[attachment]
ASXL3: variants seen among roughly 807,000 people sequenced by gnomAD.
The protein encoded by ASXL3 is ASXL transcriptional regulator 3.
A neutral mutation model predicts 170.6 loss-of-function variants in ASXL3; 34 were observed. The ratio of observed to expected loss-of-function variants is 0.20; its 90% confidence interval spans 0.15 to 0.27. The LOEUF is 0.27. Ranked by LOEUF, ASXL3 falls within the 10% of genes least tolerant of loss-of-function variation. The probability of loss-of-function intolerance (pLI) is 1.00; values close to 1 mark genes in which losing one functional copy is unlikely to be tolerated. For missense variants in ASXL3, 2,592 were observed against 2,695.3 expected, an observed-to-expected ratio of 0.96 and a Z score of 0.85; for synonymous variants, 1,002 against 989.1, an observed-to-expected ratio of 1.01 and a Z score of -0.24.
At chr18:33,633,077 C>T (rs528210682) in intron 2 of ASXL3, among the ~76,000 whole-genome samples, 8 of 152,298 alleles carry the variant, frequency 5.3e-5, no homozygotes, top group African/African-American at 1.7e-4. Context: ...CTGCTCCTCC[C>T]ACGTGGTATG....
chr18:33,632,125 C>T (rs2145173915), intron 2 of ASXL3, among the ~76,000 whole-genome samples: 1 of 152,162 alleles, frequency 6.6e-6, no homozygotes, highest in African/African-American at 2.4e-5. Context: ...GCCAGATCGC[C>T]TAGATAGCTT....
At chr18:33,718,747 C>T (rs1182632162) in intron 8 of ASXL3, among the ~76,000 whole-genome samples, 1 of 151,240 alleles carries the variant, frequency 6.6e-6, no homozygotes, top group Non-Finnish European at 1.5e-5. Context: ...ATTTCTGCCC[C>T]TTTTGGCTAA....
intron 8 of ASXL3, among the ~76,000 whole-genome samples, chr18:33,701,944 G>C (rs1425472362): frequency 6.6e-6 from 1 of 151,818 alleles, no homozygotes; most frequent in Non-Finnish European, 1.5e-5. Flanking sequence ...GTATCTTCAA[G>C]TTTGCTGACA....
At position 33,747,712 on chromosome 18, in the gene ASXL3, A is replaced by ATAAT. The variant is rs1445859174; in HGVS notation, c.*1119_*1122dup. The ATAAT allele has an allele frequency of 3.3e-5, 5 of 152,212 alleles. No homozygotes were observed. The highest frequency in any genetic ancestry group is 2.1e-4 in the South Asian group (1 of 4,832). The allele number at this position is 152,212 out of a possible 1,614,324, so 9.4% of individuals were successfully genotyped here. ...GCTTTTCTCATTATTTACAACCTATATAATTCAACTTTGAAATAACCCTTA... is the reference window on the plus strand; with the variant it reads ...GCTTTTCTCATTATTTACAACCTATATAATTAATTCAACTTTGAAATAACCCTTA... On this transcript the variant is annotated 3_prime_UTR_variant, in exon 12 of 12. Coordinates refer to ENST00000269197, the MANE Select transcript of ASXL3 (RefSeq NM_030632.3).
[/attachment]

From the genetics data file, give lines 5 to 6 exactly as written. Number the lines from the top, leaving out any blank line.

chr18:33,632,125 C>T (rs2145173915), intron 2 of ASXL3, among the ~76,000 whole-genome samples: 1 of 152,162 alleles, frequency 6.6e-6, no homozygotes, highest in African/African-American at 2.4e-5. Context: ...GCCAGATCGC[C>T]TAGATAGCTT....
At chr18:33,718,747 C>T (rs1182632162) in intron 8 of ASXL3, among the ~76,000 whole-genome samples, 1 of 151,240 alleles carries the variant, frequency 6.6e-6, no homozygotes, top group Non-Finnish European at 1.5e-5. Context: ...ATTTCTGCCC[C>T]TTTTGGCTAA....